Morocco’s energy sector has a lot of potential: There is a massive demand for energy locally and the country’s economy has demonstrated its capability for rapid expansion.

Pierre BENICHOU Executive Chairman GEOEX MCG

The outlook for frontier exploration

November 3, 2020

Pierre Benichou, executive chairman of Geoex MCG, talks to The Energy Year about hydrocarbons potential in Morocco and other frontier markets and how the company has been impacted by Covid-19. Geoex MCG is a multi-disciplinary geophysical and geological services company whose core business is multi-client projects and data management solutions.

How would you describe the evolution of Geoex MCG over the past decade?
Established in 2009, Geoex MCG was traditionally focused on West Africa. We carried out works in Cameroon, Equatorial Guinea and Nigeria. As someone who is Moroccan born, I managed to build some important relationships that helped the company’s entry into the Moroccan oil and gas market. We then went on to expand into the Atlantic margin of North America, as well as to Europe and other parts of Africa.
In 2017, we acquired the Norwegian company MultiClient Geophysical and we successfully integrated them into our operations. Today, we are specialised in undertaking a wide range of offshore seismic projects.

How has the coronavirus pandemic affected the company’s business?
Right before Covid-19 hit the global market, we were generating a yearly revenue of USD 30 million-40 million and managed to invest around USD 20 million-30 million into new works and developments. Covid-19, without a doubt, has drastically changed the industry’s prospects. I believe we will be able to close the year 2020 with a revenue of USD 10 million-12 million and we aim to reach USD 20 million-25 million in 2021.
The revenue generated in 2020 comes mainly from the high-resolution 15,000-kilometre 2D-seismic work we carried out in 2018 and 2019 around the Caribbean islands, including Trinidad and Tobago, Grenada, St. Vincent and Barbados. Thanks to the discovery made by ExxonMobil in Guyana, industry players have become more excited about the Caribbean area.
We have also completed various smaller surveys and had some great leads in store for 2020 in Morocco, which unfortunately got postponed to 2021 because of the Covid-19 crisis.


How do you view the current potential of Morocco’s hydrocarbons industry?
As a multi-disciplinary geophysical and geological services company, we always look at the possible oil reserves in place. We need to understand the richness of the source rock from which hydrocarbons have been generated or are capable of being generated. In Morocco, the source rock has already been identified but the country does not possess the best reservoir properties.
Morocco’s energy sector has a lot of potential: The country is politically and economically stable and, thanks to its strategic location, it is known to be a gateway between Africa and Europe. There is a massive demand for energy locally and the country’s economy has demonstrated its capability for rapid expansion. All the ingredients are readily available and if you look at the density of wells drilled offshore Morocco, it’s easy to see the country is still largely underexplored. As always, the more wells you drill, the higher the chance you have of finding oil. Somebody will surely find oil in Morocco at one point or another.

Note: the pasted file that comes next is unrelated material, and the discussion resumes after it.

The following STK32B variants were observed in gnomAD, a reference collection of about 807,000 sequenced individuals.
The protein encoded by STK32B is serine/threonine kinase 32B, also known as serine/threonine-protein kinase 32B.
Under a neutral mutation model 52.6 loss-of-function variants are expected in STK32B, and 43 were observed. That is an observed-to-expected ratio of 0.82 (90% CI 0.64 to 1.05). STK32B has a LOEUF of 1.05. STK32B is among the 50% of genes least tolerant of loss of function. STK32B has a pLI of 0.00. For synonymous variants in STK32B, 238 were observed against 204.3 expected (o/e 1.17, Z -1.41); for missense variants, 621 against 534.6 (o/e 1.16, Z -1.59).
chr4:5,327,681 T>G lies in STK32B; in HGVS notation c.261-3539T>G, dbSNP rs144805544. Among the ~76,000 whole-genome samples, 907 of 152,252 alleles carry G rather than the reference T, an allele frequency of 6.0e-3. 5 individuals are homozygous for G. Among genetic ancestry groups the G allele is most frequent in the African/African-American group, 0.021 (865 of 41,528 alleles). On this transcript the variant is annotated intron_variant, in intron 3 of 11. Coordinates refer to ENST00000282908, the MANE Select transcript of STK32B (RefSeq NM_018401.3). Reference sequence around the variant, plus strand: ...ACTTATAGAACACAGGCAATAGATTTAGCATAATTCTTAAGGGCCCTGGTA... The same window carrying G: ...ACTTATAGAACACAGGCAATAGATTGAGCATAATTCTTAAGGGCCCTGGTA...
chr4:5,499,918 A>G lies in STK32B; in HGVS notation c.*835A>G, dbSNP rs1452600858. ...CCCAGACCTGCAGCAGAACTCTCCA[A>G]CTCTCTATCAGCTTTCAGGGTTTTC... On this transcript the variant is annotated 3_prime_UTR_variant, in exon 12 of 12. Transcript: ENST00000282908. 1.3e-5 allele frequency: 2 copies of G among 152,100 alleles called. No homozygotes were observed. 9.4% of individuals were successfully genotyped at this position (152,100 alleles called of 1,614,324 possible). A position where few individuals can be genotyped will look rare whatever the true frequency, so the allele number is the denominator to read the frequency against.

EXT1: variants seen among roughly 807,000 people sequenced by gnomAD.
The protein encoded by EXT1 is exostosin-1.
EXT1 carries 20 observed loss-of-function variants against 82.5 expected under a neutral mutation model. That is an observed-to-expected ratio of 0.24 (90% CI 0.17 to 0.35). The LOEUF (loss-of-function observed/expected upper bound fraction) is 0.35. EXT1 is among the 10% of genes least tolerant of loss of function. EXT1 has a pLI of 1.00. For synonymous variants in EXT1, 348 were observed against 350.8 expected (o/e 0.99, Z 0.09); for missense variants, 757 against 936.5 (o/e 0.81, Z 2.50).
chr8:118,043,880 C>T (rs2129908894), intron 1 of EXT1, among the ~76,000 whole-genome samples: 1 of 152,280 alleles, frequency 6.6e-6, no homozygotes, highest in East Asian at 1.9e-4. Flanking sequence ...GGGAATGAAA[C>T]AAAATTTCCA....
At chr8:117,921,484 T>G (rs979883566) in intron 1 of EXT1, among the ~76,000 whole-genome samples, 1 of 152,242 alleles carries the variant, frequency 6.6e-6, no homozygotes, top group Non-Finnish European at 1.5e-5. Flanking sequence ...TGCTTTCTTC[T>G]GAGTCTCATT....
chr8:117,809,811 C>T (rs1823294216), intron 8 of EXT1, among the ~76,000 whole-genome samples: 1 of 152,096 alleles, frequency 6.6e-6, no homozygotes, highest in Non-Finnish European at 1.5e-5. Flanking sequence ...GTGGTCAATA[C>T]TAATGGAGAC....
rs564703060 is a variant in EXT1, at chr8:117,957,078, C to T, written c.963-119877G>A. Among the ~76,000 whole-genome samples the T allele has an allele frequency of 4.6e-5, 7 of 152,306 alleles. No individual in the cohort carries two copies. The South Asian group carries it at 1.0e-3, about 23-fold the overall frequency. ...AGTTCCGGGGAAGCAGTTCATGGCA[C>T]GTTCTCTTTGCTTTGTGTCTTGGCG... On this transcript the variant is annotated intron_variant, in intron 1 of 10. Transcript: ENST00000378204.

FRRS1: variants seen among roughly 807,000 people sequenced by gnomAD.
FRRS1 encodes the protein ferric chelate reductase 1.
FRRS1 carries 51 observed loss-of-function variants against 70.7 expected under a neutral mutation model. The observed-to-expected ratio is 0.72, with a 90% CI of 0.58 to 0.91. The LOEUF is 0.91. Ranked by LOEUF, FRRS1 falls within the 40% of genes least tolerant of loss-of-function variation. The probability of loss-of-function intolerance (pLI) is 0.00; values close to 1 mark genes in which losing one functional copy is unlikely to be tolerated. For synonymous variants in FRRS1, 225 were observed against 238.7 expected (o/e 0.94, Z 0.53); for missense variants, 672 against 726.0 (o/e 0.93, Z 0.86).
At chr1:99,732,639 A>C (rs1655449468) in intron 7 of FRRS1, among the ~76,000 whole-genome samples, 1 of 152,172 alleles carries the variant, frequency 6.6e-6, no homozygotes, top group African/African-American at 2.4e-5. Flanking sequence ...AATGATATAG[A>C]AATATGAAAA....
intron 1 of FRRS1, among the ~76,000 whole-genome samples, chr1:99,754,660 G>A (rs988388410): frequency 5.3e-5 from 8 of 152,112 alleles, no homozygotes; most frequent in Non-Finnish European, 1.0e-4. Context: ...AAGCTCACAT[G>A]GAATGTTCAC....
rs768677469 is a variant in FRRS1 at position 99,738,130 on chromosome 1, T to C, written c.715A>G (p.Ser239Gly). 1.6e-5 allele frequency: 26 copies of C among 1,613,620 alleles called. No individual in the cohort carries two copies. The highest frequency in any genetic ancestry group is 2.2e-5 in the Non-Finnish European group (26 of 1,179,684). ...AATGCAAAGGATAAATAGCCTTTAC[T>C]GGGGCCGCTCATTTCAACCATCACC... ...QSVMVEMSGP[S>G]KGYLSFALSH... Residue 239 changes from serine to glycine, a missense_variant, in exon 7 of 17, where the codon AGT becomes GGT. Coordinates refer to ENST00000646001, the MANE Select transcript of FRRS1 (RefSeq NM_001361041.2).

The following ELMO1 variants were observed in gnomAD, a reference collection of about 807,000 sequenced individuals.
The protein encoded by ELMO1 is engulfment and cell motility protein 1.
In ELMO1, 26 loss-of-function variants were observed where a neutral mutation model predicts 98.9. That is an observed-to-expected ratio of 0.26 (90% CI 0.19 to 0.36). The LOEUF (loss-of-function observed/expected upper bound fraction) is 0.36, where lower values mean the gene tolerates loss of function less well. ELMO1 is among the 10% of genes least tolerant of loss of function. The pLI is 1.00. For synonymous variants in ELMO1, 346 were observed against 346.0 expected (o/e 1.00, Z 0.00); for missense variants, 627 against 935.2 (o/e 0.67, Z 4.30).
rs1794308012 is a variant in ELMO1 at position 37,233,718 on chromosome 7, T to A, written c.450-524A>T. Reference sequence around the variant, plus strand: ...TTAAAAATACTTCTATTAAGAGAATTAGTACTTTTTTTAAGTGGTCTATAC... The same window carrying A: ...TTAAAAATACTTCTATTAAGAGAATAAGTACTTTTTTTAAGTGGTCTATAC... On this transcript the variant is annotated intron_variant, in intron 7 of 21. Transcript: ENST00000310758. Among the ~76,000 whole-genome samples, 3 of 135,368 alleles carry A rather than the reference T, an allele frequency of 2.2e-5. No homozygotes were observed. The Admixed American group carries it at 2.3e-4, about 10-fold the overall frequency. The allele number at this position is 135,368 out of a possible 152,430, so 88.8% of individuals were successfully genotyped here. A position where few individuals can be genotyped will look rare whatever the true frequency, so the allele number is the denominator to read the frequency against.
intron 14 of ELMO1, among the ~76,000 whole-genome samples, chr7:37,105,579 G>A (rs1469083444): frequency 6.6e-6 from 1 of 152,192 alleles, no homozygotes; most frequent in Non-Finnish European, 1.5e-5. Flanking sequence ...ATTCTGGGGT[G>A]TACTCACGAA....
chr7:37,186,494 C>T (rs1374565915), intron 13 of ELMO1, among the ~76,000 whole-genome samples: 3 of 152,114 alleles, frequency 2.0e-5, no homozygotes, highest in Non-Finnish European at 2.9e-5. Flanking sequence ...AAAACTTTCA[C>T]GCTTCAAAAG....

What opportunities do you see in frontier exploration markets today?
The industry still wants and needs to drill wildcats but with budgets having been heavily cut due to a myriad of operational difficulties arising from the Covid-19 crisis, frontier developments are not very attractive at present and may not be so in the coming years.
Most of the current increase in reserves comes from the re-evaluation of existing and already producing fields as opposed to greenfield developments. Before, we could recover about 30% of the oil in place in any field. Now, we are getting more than 50% thanks to new technologies. Given the current climate, I expect that companies will concentrate on existing production in well-established petroleum provinces.
Having said that, those doing exploration are being forced to choose and are prioritising their highest-quality plays, such as deepwater offshore Guyana and Suriname. In Guyana, ExxonMobil took a big gamble that paid off and the country now has the potential to become the world’s newest major oil producer. ExxonMobil has increased its estimated recoverable resource base to more than 8 billion boe and they are still making discoveries. In the case of Suriname, there have been several discoveries also. Hopefully, we will see a healthy balance between a bit of wildcat works and continued exploration in already producing assets going forward.
So far, alternative energy sources have not been sufficient to replace fossil fuels and satisfy the world’s energy demand. The world will still need oil and gas for decades to come.

Where would you like to see the company in the coming years?
We have just finished shooting a survey in Norway via a new method of hybrid node and towed streamer seismic that enhances the quality of the data recovered. We will be processing that data in the coming months and expect it to be available to the public by mid-2021. This survey has cost around USD 15 million and we are confident that the results will pay off.
Personally, I am not looking for growth for the sake of growth. We don’t want to have thousands of employees and we plan to remain selective in what we do. At the end of the day, growth will be linked to the budget of the oil companies. 2020 has been very difficult. However, if oil prices stabilise at around USD 50-55 per barrel throughout 2021, the industry can offer exciting opportunities for companies like ours. There will be ups and downs, as always, but we remain fairly optimistic about the future.

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